Related Archival Materials note
Scope and Content of Collection
Title: Getty Villa photographs
Date (inclusive): 2006
0.25 linear feet
The Getty Research Institute
Institutional Records and Archives
1200 Getty Center Drive, Suite 1100
Los Angeles, California, 90049-1688
This collection comprises photographs by Julius Shulman and Jürgen Nogai of the expanded and renovated Getty Villa, taken
during May and June, 2006. Forty-five (45) black and white and sixty-six (66) color 8 x 10 inch photographic prints constitute
the main body of the collection. Duplicates of 29 of the color prints and the original 4 x 5 inch negatives for these prints
are also included.
To access physical materials at the Getty, go to the
library catalog record
for this collection and click "Request an Item." Click here for
general library access policy
. See the Administrative Information section of this finding aid for access restrictions specific to the records described
below. Please note, some of the records may be stored off site; advanced notice is required for access to these materials.
Language: Collection material is in
The Getty Villa operates as a museum and educational center dedicated to the study of the arts and cultures of ancient Greece,
Rome, and Etruria. The Getty Villa was designed to house J. Paul Getty's art collection when it outgrew his Ranch House in
Pacific Palisades, California, which had served as a private museum since 1954. After considering various options for expanding
the Ranch House, Getty decided in the fall of 1968 to build a new museum on the same property, in the form of a first-century
Roman country house, based primarily on the plans of the ancient Villa dei Papiri just outside of Herculaneum. The archaeologist
Norman Neuerburg, who had studied the ruins of Herculaneum and was an authority on Roman domestic architecture, was retained
as a consultant for the project. The Santa Monica architectural firm Langdon & Wilson was hired to design the Villa, and British
architect Stephen Garrett, who had served as Getty’s consultant in the remodeling of a Getty home in Posillipo, Italy, was
retained as overseer of the construction. Landscape architect Emmet Wemple designed the gardens, Garth Benton worked on the
murals, and Bruce Ptolomy worked on the fountains. Construction began on December 21, 1970, and the new museum opened to the
public on January 16, 1974, receiving negative and positive reviews.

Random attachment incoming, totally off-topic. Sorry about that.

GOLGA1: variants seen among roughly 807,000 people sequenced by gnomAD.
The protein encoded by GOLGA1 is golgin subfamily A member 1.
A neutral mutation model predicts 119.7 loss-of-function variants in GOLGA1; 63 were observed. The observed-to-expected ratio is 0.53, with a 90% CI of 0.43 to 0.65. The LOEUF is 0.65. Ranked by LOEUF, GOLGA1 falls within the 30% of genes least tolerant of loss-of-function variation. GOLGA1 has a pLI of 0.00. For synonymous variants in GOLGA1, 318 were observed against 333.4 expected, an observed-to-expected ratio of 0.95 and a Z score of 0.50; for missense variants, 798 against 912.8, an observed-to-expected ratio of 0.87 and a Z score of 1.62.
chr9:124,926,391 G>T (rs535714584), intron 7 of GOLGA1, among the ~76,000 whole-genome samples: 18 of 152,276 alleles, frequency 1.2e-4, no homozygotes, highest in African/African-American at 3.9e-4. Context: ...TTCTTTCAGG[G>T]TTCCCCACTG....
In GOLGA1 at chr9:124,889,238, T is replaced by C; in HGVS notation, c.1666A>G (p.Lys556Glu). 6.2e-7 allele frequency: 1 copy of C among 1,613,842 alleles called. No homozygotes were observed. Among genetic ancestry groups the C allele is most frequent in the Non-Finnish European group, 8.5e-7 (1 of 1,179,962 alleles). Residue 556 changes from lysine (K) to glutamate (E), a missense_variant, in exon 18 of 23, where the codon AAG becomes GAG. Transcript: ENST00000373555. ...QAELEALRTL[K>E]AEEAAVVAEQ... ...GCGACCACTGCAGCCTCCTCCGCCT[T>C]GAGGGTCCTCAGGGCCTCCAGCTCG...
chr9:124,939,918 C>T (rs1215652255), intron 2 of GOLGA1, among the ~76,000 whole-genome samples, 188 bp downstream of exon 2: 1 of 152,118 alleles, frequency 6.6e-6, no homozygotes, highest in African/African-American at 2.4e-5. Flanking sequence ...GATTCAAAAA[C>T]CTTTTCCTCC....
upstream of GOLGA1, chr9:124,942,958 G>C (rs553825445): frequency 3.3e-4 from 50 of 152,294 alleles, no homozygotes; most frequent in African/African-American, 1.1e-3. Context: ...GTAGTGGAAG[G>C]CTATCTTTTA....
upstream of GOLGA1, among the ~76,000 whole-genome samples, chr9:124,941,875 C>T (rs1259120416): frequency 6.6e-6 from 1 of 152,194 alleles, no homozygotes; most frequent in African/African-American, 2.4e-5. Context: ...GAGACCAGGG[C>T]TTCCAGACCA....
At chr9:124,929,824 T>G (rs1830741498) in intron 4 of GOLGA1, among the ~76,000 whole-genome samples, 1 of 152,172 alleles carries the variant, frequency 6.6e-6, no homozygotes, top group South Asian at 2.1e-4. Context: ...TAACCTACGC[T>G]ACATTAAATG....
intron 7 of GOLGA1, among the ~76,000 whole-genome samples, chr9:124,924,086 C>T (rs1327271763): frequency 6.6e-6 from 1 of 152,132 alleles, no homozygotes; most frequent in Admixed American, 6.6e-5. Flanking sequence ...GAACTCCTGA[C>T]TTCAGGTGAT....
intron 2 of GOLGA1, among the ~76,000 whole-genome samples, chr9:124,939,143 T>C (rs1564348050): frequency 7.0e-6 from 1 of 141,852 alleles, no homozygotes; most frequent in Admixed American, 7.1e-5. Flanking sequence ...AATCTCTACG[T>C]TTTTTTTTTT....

J. Paul Getty died in 1976 without ever seeing the museum he commissioned, but is buried at the Villa site on a bluff overlooking
the ocean. After Getty's death and the establishment of the J. Paul Getty Trust, the Villa became part of a larger vision.
As part of the J. Paul Getty Museum, the Villa is overseen by the J. Paul Getty Trust, an international cultural and philanthropic
organization serving both general audiences and specialized professionals. The Trust is a not-for-profit institution, educational
in purpose and character, that focuses on the visual arts in all of their dimensions. As of 2009 the Trust supports and oversees
four programs: the Getty Research Institute; the Getty Foundation; the Getty Conservation Institute; and the J. Paul Getty
Museum. Beginning in the 1980s the Trust developed an expansion plan that included the Getty Center campus in Brentwood and
the renovation and expansion of the Villa in Malibu. When the Getty Center opened in 1997, the Villa closed to undergo extensive
The architectural firm of Machado and Silvetti Associates redesigned the Villa, adding galleries, skylights, an auditorium,
an amphitheater, and new structures for conservation and administrative offices. Much of the original Villa was retained,
including the wall murals, which artist Garth Benton returned to restore and refresh. The redesigned Villa opened on January
28, 2006, receiving high praise from reviewers. While most of the Museum's collections are housed at the Getty Center, the
antiquities collection is housed at the Villa. The Getty Villa serves a varied audience through the permanent collection,
changing exhibitions, conservation, scholarship, research, and public programs in an intimate setting overlooking the Pacific
Ocean. Public and scholarly programs at the Villa include lectures, seminars, conferences, workshops, symposia, film series,
musical concerts, and theatrical performances in the Barbara and Lawrence Fleischman Outdoor Classical Theater.